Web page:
Dual-Process Theories of the Mind as means to analyze real-world, real-time interpersonal data

…Despite their differences, dual-process theories share the common idea that thoughts, behaviors, and feelings result from the interaction between exogenous and endogenous forms of attention. Both types of attention can be applied to representations to increase or decrease their level of activation. As the activation level of a representation increases, so does its accessibility, which in turn increases the probability that it will influence behavior. In times of conflict [When a FIML query is initiated], accessibility can be managed (i.e., maintained or inhibited) during the stream of processing by the control of attention. In a sense, the “source” of attention (LaBerge, 2000), that is, whatever mechanism that applies the activation to the representation, can be thought of as the gateway of accessibility that is the essence of controlled processing.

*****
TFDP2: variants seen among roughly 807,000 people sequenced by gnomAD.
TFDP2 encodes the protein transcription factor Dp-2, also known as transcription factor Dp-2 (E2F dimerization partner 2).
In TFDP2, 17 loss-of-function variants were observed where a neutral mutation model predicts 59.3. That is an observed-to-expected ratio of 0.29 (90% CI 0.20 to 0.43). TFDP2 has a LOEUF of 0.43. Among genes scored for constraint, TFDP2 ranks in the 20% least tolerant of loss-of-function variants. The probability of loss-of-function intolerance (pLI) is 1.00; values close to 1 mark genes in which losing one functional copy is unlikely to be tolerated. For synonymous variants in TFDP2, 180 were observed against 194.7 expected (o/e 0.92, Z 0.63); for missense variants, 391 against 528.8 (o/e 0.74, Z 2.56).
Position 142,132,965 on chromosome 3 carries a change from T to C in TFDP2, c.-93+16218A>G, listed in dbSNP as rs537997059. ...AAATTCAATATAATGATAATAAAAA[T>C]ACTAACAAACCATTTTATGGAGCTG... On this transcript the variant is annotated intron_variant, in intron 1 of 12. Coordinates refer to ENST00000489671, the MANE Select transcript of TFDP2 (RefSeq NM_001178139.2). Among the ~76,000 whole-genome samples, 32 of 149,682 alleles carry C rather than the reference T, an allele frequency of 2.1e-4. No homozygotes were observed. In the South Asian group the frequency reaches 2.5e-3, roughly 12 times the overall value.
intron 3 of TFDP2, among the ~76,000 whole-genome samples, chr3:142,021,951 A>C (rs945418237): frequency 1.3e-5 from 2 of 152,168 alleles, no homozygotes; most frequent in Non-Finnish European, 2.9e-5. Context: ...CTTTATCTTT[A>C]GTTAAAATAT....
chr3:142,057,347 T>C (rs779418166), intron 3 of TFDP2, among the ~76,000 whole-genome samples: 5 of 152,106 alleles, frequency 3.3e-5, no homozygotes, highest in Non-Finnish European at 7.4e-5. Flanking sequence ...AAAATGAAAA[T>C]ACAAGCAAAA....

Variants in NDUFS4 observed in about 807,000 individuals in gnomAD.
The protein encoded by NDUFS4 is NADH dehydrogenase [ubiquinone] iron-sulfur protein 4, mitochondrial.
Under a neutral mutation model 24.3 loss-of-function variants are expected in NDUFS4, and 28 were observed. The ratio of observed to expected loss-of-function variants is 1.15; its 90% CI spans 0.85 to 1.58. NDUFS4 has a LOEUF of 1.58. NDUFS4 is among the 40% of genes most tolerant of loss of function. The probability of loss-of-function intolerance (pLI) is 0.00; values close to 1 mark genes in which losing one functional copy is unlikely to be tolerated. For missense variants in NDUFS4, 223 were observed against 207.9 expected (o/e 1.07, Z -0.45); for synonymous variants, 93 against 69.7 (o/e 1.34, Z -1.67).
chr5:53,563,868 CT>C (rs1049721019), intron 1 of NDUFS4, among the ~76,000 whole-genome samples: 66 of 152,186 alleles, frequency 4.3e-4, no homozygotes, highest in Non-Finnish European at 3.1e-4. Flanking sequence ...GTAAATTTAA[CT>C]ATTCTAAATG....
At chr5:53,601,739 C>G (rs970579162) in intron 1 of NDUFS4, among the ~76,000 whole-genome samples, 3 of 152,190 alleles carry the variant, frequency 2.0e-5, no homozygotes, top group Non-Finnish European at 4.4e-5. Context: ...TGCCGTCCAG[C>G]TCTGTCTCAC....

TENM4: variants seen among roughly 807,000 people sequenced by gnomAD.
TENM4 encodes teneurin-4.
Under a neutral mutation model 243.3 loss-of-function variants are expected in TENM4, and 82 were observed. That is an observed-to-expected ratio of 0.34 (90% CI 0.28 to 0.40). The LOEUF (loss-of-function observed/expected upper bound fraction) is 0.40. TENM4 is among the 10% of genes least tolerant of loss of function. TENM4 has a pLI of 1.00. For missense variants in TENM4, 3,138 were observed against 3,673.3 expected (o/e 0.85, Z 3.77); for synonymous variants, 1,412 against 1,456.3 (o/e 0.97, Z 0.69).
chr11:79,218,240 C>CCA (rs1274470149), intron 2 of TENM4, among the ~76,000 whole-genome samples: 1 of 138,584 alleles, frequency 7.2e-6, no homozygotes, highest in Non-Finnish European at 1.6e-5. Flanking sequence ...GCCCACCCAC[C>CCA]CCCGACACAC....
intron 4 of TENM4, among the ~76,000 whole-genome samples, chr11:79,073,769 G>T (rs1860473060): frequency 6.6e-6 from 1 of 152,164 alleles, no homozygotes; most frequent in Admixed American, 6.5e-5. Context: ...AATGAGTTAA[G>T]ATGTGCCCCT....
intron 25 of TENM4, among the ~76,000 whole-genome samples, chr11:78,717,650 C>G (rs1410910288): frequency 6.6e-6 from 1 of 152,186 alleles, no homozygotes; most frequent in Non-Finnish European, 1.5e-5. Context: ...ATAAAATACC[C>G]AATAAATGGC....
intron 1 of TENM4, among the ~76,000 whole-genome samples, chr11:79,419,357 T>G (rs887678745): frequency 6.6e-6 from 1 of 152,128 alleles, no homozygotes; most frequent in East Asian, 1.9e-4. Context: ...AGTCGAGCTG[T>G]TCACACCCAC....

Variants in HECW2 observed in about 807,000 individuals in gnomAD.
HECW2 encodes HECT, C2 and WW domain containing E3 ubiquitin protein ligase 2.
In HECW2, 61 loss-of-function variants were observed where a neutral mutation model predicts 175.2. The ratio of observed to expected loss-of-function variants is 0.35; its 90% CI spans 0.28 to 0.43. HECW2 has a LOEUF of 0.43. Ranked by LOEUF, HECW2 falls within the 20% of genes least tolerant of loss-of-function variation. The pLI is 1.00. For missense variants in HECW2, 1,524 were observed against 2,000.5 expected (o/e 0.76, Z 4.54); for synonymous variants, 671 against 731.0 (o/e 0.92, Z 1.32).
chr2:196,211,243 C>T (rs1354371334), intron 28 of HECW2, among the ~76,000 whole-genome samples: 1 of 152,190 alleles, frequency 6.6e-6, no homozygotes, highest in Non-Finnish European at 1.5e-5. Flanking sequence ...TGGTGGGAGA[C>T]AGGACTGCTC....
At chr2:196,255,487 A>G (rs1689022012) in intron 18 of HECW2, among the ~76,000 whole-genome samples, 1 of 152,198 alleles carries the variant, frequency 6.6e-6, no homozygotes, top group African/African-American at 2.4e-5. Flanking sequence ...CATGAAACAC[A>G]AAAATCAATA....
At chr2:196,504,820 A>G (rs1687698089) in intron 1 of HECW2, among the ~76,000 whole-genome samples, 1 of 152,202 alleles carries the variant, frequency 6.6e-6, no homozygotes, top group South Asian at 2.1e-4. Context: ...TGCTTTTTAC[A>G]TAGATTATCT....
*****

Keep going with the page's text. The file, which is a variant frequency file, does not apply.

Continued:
Individual Differences in Working Memory Capacity and Dual-Process Theories of the Mind

FIML practice is a form of mindfulness training with the addition of controlled attention processing which enables rapid gathering of real-world data followed by analysis thereof. This controlled attention processing is a learned behavior shared by both partners. The general concept of this learned/trained behavior is explained in How to do FIML. Individual partners adapt this learned/trained behavior to their own lives. In this sense FIML itself has no content. It is wholly a technique that allows rapid analysis of agreed upon objective interpersonal data. ABN

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